Big Data promises to completely change the world. What it might not do, however, is change the enterprise technology scoreboard of winners and losers.
It has become de rigueur to read eulogies for Oracle, IBM and other enterprise stalwarts as more nimble, data-rich upstarts like Cloudera and DataStax threaten to upend them. I’ve certainly done my share of eulogizing.
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But in a recent conversation with me, former Wall Street technology analyst and current consultant Peter Goldmacher warned that the entire Big Data startup brigade, constructed from billions of dollars in VC money, could be just one acquisition away from serious disarray.
The Song Remains The Same
Not that this is anything new for Goldmacher. As an analyst with Cowen & Co., Goldmacher spent years warning Wall Street that Oracle and its ilk were heading for oblivion, even though he felt Oracle would take longer to fade. As he told the Wall Street Journal, “All the legacy guys are going to die. [Oracle is] going to die last.”
The problem, as he declared time and time again, was that old-school enterprise technology vendors couldn’t hope to compete with new-school open source technology and business models. Free, it turns out, is a powerful lure to developers, and the incumbent vendors couldn’t wrap their heads around it.
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Not that the buyers are necessarily better off. Goldmacher told me of a conversation he had with a salesperson at one of the Hadoop startups, who had just sold a $1 million deal to an enterprise buyer. After the consummation of the deal, the customer asked, “Now what am I supposed to do with this?”
Clearly, it’s an early, still-frothy market, but it’s one the legacy vendors can ill-afford to miss. And yet they’re missing it: “New companies are offering equivalent or better functionality at a better price,” Goldmacher said. From Hadoop to NoSQL databases like MongoDB, HBase and Cassandra, to cloudy platforms like OpenStack and CloudFoundry, the future is being written by open-source communities and companies.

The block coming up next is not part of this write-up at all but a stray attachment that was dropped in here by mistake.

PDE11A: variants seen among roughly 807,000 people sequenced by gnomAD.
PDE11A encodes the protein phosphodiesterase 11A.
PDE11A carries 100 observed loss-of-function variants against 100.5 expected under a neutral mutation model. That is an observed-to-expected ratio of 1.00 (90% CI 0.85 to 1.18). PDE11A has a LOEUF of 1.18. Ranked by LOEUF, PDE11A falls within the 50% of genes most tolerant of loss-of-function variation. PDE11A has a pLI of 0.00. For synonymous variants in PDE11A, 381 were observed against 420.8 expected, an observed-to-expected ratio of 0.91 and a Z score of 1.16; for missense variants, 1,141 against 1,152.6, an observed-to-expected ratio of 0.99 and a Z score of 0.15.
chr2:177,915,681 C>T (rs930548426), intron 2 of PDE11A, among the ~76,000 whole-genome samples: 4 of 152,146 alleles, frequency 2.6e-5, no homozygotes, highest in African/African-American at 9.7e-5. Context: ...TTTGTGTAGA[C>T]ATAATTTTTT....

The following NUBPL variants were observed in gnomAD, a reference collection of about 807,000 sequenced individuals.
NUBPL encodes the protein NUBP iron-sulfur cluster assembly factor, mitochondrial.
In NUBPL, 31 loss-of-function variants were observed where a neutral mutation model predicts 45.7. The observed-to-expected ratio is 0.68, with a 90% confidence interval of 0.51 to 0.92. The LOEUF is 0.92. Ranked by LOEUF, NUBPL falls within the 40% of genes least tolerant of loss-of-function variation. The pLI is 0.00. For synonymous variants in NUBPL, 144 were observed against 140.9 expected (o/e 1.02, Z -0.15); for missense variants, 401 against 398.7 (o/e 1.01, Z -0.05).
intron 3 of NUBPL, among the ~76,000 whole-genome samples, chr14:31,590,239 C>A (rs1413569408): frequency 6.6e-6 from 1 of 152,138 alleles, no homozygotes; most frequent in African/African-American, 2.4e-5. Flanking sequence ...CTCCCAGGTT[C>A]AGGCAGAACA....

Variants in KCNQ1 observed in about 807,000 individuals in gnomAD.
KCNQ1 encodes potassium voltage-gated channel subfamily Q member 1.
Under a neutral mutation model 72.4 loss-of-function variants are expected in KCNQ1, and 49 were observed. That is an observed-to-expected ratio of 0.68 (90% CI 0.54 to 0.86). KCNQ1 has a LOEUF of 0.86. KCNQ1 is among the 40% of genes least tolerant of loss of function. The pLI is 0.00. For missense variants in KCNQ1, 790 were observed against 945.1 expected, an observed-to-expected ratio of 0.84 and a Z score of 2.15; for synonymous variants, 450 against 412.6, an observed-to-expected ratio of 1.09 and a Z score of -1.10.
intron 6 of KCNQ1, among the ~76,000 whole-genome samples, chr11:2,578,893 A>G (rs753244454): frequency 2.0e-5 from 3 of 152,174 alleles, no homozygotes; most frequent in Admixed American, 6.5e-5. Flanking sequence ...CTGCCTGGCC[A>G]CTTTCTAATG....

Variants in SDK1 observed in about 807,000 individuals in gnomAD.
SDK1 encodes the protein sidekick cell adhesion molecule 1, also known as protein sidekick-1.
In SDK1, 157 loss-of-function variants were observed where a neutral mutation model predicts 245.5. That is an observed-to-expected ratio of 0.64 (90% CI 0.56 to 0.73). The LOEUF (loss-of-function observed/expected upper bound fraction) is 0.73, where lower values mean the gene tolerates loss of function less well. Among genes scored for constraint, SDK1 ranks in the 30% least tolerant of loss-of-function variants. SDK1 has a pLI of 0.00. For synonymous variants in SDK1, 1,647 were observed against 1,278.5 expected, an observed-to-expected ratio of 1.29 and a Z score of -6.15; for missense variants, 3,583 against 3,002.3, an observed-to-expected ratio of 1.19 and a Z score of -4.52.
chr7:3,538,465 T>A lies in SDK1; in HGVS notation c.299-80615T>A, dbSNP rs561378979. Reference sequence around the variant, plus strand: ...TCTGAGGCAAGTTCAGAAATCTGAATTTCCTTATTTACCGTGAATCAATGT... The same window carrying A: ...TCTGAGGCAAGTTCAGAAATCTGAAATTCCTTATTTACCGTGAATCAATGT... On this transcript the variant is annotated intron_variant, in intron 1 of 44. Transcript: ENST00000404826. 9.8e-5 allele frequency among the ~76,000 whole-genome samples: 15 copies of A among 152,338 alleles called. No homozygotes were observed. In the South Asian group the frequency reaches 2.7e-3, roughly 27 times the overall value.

When The Levee Breaks
But free is also a problem for the Big Data elite, it turns out. “Free” and popular technology has translated into a lot of venture money, but with few exceptions it has yet to translate into a lot of revenue.
Even when it does, the cost of that revenue may be high. As Goldmacher told me, most of the billions Big Data startups have raised “is going to go-to-market endeavors,” not necessarily differentiated product functionality that enterprises will pay to use. And so, he continues, such startups are happily paying $200 million to earn $100 million in revenue.
That’s fine so long as the big incumbents sit on the sidelines. But if they don’t, Goldmacher warns, the industry will change dramatically. He foresees Oracle and the other tech incumbents buying their way into Big Data, with significant collateral damage:
The minute an acquisition happens, your distribution lead is smoked. Customers don’t want to buy products. They want to buy a suite that fits into their existing architecture. Once a Big Data startup is bought, suddenly that product has a compelling, comfortable story for the enterprise.
In other words, organizations want new-school technology, but would prefer to buy it from old-school vendors.
Acquiring one’s way into the market isn’t as simple as it sounds, of course. For example, Oracle can certainly afford to buy a NoSQL database vendor like DataStax or a Hadoop vendor like Hortonworks, but it’s not as clear that its sales force will understand how to sell a rival database or an alternative enterprise data warehouse technology.
It’s perhaps more likely that a company like Cisco, without any inherent channel conflict, would buy its way in.
At a smaller scale, Goldmacher suggested that Cloudera, with its $4 billion valuation, could buy a NoSQL vendor: “All of a sudden other NoSQL vendors and Hortonworks are screwed because Cloudera would have the makings of a complete architecture.”
Babe, I’m Gonna Leave You?
Goldmacher makes a strong, perhaps controversial argument, but it falls down in the presence of one essential open source ingredient: community.
It’s hard to buy a community. In fact, it’s impossible. Back when Oracle acquired Sun (and with it, MySQL), the PostgreSQL community rightly reasoned:
The state of the Postgres project is in great shape, due to the depth and breadth of the community (and the depth and breadth of the developer subset). There is no danger of Postgres going the MySQL route; the PG developers are spread across a number of businesses, the code (and documentation!) is BSD, and no one firm holds sway in the project.
Of course, community is no protection for many popular Big Data technologies, because they’re primarily vendor-led, as was MySQL. As such, for enterprises looking to make a safe technology choice, the right strategy might actually be to make a safe community choice, buying into the biggest, most active open-source Big Data projects.
Even so, Goldmacher’s final warning has some sting: “I believe in the inevitably of this market but the money chasing it is creating a heck of a lot of collateral damage.”
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